Worker Granularity#

Lithops was initially designed with Function as a Service (FaaS) platforms in mind. As such, its default worker granularity is set to 1. This means that each function activation is executed within its own isolated runtime instance. This design choice aligns with the nature of FaaS, where functions are typically short-lived and stateless, making it well-suited for tasks like event-driven processing and serverless computing.

However, it’s essential to understand the distinctions between FaaS and Container as a Service (CaaS) platforms. In CaaS, you have greater flexibility in selecting the appropriate resources (CPU and memory) for each worker. This flexibility allows you to fine-tune the execution environment to your specific requirements. In contrast to FaaS, where the granularity is often fixed at 1, CaaS platforms enable you to adjust the number of CPUs allocated to a container.

When using Lithops on a CaaS platform, it can be more advantageous to increase the number of CPUs assigned to each worker and subsequently adjust the granularity, rather than adhering to a 1:1 granularity ratio. This approach significantly reduces cold start times. For instance, if you need to execute 100 tasks with a 1:1 granularity, it would attempt to initiate all 100 containers simultaneously, potentially overloading the CaaS platform. However, by configuring each worker to utilize 4 CPUs and updating Lithops accordingly, it would only need to start 25 containers. This allows you to leverage the resource flexibility provided by CaaS without attempting to impose FaaS-like granularity. Understanding these distinctions between FaaS and CaaS platforms is crucial for optimizing the performance and efficient resource utilization of your Lithops-based applications.

In addition to supporting FaaS and CaaS platforms, Lithops also extends its compatibility to Virtual Machine (VM) backends, such as EC2. Similar to CaaS environments, VMs offer a high degree of resource customization. When utilizing VMs with Lithops, you gain the ability to tailor your VM instance with the appropriate resources, including CPU cores. In scenarios where parallelism is crucial, it may be more efficient to configure a VM with a higher core count, such as 8 CPUs, rather than attempting to manage and coordinate eight separate VM instances with single cores each. This approach simplifies resource management and optimizes the performance of your Lithops-based applications running on VM backends. As with CaaS, understanding the flexibility VMs provide is essential for effectively utilizing your compute resources.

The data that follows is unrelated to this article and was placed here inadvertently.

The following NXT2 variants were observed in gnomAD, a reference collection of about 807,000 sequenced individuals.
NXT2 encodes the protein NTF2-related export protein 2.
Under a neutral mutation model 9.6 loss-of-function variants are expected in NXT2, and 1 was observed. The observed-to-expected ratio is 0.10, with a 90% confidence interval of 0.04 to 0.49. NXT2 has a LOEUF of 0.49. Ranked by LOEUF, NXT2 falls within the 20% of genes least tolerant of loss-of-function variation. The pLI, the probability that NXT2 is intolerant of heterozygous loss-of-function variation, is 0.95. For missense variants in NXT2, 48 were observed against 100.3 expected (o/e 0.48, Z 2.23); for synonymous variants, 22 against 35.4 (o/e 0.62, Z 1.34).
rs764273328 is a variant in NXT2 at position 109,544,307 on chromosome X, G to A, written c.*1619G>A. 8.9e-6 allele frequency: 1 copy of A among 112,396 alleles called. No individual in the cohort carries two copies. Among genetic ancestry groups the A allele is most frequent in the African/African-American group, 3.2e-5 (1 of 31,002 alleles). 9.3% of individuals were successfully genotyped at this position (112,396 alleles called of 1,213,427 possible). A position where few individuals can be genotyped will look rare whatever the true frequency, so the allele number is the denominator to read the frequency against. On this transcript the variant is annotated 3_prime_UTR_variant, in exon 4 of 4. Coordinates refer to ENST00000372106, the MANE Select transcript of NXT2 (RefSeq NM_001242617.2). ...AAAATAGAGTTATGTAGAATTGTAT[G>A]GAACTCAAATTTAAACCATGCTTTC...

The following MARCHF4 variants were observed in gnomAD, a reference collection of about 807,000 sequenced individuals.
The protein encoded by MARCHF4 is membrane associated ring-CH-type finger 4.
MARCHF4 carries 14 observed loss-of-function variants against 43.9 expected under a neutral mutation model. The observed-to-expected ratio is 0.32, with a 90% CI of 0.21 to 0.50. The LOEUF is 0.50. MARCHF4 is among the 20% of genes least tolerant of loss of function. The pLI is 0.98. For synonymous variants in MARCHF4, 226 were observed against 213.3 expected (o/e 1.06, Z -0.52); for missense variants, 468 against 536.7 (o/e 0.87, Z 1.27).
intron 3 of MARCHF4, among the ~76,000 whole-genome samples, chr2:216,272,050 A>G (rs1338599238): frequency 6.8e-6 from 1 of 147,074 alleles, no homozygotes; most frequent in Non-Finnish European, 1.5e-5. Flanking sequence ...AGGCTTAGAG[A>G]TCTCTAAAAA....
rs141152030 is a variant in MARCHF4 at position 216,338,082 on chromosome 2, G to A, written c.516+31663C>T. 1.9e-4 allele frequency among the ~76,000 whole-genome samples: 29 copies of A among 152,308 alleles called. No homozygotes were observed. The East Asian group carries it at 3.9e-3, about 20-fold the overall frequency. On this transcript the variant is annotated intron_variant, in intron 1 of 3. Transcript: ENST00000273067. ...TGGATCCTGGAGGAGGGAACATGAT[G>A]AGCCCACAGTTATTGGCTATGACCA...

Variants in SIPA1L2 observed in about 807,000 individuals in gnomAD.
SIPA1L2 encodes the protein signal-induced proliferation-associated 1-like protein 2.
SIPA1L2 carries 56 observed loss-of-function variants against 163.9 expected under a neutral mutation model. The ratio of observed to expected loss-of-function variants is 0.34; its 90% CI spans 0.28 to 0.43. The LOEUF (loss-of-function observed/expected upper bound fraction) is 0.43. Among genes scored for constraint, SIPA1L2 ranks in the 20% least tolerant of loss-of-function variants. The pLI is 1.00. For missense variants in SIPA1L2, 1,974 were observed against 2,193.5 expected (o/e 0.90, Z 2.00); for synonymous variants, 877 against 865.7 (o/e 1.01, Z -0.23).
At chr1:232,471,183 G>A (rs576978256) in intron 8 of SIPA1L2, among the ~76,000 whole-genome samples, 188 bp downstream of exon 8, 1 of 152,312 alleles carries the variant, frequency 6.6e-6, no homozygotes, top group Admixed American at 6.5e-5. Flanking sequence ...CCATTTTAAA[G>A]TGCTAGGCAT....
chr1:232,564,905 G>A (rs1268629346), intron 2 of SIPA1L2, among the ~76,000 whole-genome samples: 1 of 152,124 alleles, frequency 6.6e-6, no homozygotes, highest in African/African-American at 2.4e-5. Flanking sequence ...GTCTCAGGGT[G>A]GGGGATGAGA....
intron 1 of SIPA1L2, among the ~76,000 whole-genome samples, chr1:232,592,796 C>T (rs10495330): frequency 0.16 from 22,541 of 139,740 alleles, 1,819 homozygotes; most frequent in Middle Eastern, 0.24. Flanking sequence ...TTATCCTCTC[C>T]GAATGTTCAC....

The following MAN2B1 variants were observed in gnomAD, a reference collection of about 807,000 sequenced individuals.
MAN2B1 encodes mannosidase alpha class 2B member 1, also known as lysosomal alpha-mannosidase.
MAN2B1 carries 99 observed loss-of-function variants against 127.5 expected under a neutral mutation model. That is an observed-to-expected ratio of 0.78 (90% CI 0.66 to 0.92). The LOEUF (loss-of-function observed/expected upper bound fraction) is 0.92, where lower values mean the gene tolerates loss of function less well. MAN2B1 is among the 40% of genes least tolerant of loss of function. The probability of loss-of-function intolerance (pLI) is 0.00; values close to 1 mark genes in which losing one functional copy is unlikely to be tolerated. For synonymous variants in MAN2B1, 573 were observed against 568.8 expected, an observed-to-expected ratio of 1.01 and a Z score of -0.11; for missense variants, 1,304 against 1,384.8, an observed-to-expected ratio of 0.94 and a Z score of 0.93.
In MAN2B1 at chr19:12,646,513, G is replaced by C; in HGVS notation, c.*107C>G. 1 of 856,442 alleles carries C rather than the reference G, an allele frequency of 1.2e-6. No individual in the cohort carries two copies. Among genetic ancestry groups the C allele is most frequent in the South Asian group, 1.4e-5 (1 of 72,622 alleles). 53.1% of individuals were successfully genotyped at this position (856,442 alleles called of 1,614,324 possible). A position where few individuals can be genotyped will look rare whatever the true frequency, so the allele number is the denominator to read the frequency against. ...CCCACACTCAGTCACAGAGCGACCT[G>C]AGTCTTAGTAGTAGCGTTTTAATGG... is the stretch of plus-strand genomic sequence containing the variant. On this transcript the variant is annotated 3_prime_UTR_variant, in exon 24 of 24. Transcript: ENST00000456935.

How to customize worker granularity?#

To customize the worker granularity, you first need to use the worker_processes parameter. The worker_processes config parameter is employed to define the number of parallel sub-workers initiated within a single worker. To fully utilize the allocated resources for your containers, it is advisable to set this parameter to a value that matches or exceeds the number of CPUs in your container or VM.

You can provide the worker_processes parameter either in the Lithops config, under the compute backend section:

    worker_processes : 4

or during a FunctionExecutor() instantiation:

import lithops

fexec = lithops.FunctionExecutor(worker_processes=4)

Alongside the worker_processes configuration parameter, it is possible to specify the chunksize parameter. The chunksize parameter determines the number of functions allocated to each worker for processing. By default, the chunksize parameter is automatically configured to match the worker_processes. However, you have the flexibility to customize it by setting it to a higher value. For example, if you have 200 tasks to execute and you set worker_processes to 4 and chunksize to 8, this configuration will result in the initiation of 25 workers (instead of 50). Within each worker, 4 parallel sub-workers will start execution. Each worker will receive 8 tasks to process. The first 4 tasks will begin immediately since there are 4 available sub-workers per worker. Meanwhile, the remaining 4 tasks will be queued for execution as the initial tasks start to complete.

To customize the chunksize parameter, you have to edit your map() or map_reduce() calls and specify the desirde value, for example:

import lithops

def my_map_function(id, x):
    print(f"I'm activation number {id}")
    return x + 7

if __name__ == "__main__":
    fexec = lithops.FunctionExecutor(worker_processes=4), range(200), chunksize=8)